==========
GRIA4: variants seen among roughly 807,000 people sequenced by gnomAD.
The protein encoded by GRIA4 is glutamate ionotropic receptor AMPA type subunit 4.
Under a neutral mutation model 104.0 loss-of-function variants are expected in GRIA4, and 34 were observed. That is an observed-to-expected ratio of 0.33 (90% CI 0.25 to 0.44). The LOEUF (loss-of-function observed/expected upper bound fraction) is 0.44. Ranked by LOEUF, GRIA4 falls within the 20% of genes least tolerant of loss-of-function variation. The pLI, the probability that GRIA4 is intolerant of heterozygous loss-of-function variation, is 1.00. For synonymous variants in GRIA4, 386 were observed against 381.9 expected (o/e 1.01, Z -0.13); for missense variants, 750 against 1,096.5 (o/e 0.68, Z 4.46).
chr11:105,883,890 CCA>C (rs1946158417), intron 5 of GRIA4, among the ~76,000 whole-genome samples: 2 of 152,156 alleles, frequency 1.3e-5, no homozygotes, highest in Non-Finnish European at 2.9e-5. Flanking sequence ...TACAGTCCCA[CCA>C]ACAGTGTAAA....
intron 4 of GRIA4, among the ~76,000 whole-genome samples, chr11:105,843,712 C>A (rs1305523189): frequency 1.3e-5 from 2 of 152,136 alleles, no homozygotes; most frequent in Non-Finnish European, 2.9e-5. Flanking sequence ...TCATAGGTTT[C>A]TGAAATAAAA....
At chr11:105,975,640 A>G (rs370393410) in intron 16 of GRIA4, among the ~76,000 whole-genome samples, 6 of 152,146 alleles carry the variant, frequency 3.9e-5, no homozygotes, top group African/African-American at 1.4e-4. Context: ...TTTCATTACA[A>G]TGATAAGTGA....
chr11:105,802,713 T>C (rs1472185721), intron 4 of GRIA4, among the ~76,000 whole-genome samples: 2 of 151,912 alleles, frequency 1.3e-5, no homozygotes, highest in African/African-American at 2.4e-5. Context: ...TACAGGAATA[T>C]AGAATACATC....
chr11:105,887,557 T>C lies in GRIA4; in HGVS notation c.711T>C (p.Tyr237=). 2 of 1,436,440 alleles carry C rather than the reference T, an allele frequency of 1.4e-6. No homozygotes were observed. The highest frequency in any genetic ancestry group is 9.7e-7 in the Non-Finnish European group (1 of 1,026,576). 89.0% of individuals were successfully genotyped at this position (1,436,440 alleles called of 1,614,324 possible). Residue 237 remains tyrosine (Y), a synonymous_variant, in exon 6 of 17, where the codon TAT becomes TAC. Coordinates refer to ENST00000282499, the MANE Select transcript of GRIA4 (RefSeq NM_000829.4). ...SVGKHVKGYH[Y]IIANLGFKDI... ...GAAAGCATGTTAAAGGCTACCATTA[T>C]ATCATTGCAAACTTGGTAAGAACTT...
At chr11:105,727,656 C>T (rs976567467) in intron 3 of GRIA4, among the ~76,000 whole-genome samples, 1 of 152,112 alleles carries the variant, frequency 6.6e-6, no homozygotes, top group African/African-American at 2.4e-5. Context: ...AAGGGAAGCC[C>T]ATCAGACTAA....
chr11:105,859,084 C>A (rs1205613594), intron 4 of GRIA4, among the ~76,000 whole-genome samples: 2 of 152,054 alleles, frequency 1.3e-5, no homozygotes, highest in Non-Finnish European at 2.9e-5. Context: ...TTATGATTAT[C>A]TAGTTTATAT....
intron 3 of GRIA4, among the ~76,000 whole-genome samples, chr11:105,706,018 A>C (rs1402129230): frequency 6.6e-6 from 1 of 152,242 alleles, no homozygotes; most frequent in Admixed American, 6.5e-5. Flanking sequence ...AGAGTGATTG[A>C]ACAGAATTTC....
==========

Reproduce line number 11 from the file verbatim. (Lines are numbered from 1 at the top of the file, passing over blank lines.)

intron 3 of GRIA4, among the ~76,000 whole-genome samples, chr11:105,706,018 A>C (rs1402129230): frequency 6.6e-6 from 1 of 152,242 alleles, no homozygotes; most frequent in Admixed American, 6.5e-5. Flanking sequence ...AGAGTGATTG[A>C]ACAGAATTTC....